Songs of the 10th Muse: Leslie Friedman on Dan Beachy-Quick’s translation of Sappho’s fragments, Wind, Mountain, Oak

Sappho has always been an influencer, even when her poems were burned when the Great Library at Alexandria was burned first by Caesar in 48 BCE. His goal was to burn the twenty two warships that came to avenge the death of Pompey; the Library was by-kill. Then, in 641 CE, the Emir Amrou Ibn el-As burned what was left. She was the lyric poet influencer of all time even when the New Comedians, Greek playwrights who lived at least 100 years after her death; she was the target of bullying humor. The Christian establishment in the forms of Saint Gregory of  Nazianzen, about 380 CE, and Pope Gregory VII, in 1073 CE, demanded that her books be burned, perhaps because neither one could manage to burn her in person.

Her poems disappeared or have been disappeared.  And yet, the world’s idea of Sappho and desire to read her work are strong.  She wrote in Aeolian Greek, a dialect, spoken on her native island of Lesbos and in Boetia, Thessaly, Greek colonies in Anatolia and nearby islands. Aeolian Greek flourished in 800-300 BCE. She was born in either Eresso or Mytilene; both Lesbos towns claim her. She spent most of her life in Mytilese.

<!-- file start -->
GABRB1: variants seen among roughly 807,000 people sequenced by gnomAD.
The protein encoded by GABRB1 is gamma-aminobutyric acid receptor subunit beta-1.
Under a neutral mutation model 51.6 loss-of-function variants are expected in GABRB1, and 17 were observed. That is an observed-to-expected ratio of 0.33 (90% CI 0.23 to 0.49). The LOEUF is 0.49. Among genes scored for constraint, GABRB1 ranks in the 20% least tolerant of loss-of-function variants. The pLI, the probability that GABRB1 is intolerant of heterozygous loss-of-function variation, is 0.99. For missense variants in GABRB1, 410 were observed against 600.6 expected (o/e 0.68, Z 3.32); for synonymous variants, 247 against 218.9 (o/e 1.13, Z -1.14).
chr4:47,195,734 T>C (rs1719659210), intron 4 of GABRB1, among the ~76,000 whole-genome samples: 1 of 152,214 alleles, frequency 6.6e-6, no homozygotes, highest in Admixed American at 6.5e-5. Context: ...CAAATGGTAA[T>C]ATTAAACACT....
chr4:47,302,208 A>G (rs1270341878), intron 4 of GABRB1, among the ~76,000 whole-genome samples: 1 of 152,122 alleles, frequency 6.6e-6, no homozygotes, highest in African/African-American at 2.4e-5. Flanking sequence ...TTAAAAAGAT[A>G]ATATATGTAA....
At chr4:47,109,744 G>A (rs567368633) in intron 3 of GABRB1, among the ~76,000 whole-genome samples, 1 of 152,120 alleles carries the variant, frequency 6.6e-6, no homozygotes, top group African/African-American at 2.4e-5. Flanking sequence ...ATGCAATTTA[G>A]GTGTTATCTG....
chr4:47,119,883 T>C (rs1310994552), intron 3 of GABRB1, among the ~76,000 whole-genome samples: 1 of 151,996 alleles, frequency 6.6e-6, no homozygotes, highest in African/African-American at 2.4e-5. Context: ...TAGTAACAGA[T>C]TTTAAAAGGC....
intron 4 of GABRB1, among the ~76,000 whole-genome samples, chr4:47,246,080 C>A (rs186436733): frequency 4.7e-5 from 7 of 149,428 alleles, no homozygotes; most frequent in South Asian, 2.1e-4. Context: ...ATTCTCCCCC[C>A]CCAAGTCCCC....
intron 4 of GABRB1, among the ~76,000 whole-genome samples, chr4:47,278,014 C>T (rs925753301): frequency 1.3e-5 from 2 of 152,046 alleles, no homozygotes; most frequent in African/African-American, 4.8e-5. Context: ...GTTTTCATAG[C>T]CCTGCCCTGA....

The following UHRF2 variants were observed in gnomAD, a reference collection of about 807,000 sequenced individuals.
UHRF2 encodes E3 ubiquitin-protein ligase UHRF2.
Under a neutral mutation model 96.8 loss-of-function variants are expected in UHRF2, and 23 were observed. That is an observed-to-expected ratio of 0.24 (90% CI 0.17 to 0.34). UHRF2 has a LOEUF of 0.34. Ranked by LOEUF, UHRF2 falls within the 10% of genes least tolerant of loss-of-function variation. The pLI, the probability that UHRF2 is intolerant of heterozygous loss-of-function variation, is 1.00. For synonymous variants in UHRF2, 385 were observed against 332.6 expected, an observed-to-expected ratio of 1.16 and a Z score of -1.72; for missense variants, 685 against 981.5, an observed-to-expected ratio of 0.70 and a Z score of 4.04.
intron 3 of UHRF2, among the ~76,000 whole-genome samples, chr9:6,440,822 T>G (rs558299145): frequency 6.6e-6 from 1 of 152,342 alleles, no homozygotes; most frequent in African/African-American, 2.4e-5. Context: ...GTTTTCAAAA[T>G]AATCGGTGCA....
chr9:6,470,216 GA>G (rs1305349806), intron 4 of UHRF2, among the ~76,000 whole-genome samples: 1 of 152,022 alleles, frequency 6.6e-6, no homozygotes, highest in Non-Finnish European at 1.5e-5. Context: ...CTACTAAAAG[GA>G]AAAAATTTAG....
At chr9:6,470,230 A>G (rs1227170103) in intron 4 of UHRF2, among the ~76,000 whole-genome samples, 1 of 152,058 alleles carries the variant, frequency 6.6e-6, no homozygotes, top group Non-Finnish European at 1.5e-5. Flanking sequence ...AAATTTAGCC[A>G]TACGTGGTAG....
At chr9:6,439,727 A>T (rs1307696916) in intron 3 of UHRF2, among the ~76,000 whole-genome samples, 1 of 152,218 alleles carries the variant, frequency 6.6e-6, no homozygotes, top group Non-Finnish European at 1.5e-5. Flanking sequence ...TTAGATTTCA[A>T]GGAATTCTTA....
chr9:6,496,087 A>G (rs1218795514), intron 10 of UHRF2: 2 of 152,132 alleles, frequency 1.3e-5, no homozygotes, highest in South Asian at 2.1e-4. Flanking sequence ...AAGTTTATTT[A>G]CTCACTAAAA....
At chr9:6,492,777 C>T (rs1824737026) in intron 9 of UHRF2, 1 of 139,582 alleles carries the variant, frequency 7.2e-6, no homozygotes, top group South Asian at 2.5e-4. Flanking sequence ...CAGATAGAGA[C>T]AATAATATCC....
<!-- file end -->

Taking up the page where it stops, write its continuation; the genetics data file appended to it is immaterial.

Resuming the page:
The difficulty of translating from a language that is no longer spoken could be one of the Labors of Hercules.  Despite the head-hurting, dizzying challenge, Dan Beachy-Quick has produced a gem that honors this great poet, a cultural leader from a time beyond merely long ago

Beachy-Quick acknowledges the challenge he took on and which he met so well. The poetic tradition of her time was oral presentation accompanied by lyre. Writing was done in complex meters. Sappho also invented a meter that came to be named the Sapphic Strophe or meter. Curiously, her work, to the extent it survived, is normally praised for its emotion, straightforward presentation, even its simplicity. It would be a mistake to overlook the fine craft of her art. Beachy-Quick has translated with great attention to the poetic craft.